Darwin's house isn't the fittest Natural selection: The home where Charles Darwin once played the piano for earthworms is now a bit wormy itself and the object of a multimillion-dollar rescue effort.

Sun Journal

November 02, 1995|By Bill Glauber | Bill Glauber,SUN FOREIGN STAFF

DOWNE, England -- Charles Darwin's house is rotting away.

There is wood worm in the study where he wrote "Origin of Species." His laboratory is a ruined pile of bricks. His beloved sand walk, used for exercise and thought, is muddy and #F overgrown.

Does anyone care?

A race is under way to raise $4.8 million and save the residence Darwin called Down House, his home from 1842 until his death in 1882. Scientists are speaking out to attract public attention to the cause. London's Natural History Museum is seeking to extract millions from the proceeds of Britain's National Lottery. And there are plans to restore the house and create a research center to lure students from around the world.

But for now, the house remains a tarnished, nearly forgotten gem in lush countryside 16 miles southeast of London.

In Britain, literary homes are turned into shrines, and authors with even modest reputations are awarded a bit of immortality with blue plaques marking buildings where the writers lived. Hundreds of thousands of tourists annually follow the paths of Shakespeare, Jane Austen, Thomas Hardy and the Bronte sisters.

But for Darwin, whose theory of evolution triggered a scientific revolution, there is only this: 5,000 visitors a year and a leaky roof.

"Darwin is surely a candidate for the greatest Englishman ever. Because he was a scientist rather than a composer or a poet, perhaps we as a nation value him a little bit less," says Richard Dawkins, a zoologist and first holder of the Charles Simonyi chair of public understanding of science at Oxford University.

Darwin challenged the human-centered view of the world. He demonstrated that the natural forces that shaped other species also shaped humans. In the struggle for existence, fitter organisms survived and reproduced in greater numbers -- the process he named natural selection.

"His essential idea that we have all evolved from a single common ancestor and that the driving force of evolution is natural selection is a good candidate for the most powerful idea ever to occur to a human mind," says Dr. Dawkins. "If you think about what Darwin's idea can explain, it is such an enormous amount."

The theory of evolution cut a swath through science, religion, even politics. Those who believed in a literal interpretation of the Bible were appalled by the seeming absence of God's hand in evolution. Others misused Darwin's ideas to promote pseudoscientific theories of war and cruelty, claiming they were natural in a world built on the survival of the fittest.

In the United States, the theory has consistently aroused controversy, from the 1925 "monkey trial" of John Scopes, a Tennessee schoolteacher who was charged with violating a law against teaching the theory of evolution, to present-day efforts to reintroduce into public schools the study of creationism. Meanwhile, the scientific community considers the theory of evolution to be the pillar for the study of plant and animal life.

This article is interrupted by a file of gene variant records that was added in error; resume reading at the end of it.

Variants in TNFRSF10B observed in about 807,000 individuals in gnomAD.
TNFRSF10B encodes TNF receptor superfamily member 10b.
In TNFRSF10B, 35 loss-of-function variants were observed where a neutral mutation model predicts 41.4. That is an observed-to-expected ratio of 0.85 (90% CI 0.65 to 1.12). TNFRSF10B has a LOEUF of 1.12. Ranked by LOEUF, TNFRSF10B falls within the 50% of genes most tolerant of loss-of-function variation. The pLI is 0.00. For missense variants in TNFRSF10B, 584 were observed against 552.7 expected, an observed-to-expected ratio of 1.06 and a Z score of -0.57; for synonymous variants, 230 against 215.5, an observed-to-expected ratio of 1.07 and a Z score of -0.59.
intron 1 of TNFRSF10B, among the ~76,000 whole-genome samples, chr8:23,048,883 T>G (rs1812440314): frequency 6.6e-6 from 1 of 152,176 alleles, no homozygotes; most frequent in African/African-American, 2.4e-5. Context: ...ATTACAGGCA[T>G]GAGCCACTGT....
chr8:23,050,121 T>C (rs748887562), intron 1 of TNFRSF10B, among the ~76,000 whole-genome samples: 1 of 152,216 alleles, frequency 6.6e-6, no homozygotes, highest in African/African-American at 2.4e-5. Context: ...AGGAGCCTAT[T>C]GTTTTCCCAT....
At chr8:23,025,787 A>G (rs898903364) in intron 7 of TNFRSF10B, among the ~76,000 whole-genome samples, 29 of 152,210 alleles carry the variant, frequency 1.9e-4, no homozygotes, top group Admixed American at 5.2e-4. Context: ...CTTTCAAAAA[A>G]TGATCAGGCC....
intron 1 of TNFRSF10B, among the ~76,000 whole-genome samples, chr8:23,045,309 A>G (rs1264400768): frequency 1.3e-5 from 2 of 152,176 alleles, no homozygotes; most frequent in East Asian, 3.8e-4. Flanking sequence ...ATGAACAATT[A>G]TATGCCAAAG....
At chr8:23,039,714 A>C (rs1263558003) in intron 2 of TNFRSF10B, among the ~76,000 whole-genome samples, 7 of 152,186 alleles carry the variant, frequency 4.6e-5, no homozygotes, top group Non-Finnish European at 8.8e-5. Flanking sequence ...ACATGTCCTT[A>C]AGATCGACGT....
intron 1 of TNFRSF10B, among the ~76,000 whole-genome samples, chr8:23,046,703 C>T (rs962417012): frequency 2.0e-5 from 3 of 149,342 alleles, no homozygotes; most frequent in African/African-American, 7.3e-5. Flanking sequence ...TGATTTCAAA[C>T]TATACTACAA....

If there is drama in human thought, or in the writing of 12 books, then the drama occurred at Down House, a large, airy place set on 20 acres.

lTC Inside, the controversy about its future fades. Anyone who visits has the sense of being able to reach out and touch genius, despite the rising damp and the peeling paint.

Darwin's chair, writing table and cane are placed in a corner of his study. His scratchy handwriting adorns maps hanging on the walls. A spool of twine rests on a table, a reminder of Darwin's habit of ripping the bindings off journals and wrapping the pages in string. In another room is the original journal from Darwin's five-year voyage aboard the H.M.S. Beagle, the surveying trip that set the course of his career.

"I feel very reverent about the house when I'm there," says Dr. Dawkins. "Darwin is my great hero. I feel there is an atmosphere in the house."

The keeper of the Darwin flame is Solene Morris, a native of Bedford, N.Y. For the last six years, she has served as the Down House curator. She calls herself "Darwin's housekeeper."

"I like to consider this house as an anchor," she says. "People can come here and gather their thoughts, the same as Darwin did."

Darwin and his wife, Emma Wedgwood, had 10 children, seven of whom survived to adulthood. The children participated in his experiments. So did the butler, gardeners and governesses.

It was here that Darwin studied earthworms, pigeons and barnacles.

"This was not just an empty place," naturalist David Attenborough said in a recent lecture. "It wasn't a vacuum that he was working in. He was working in the English countryside. He was working with not only the thoughts that he carried back with him from the Galapagos, but with the animals and plants of the English countryside.

"He wrote a whole volume on earthworms which he observed in the garden. He did entertaining experiments, almost caricature in their simplicity. He played different notes to earthworms on the piano to see their reactions. He got his family to play notes to them."

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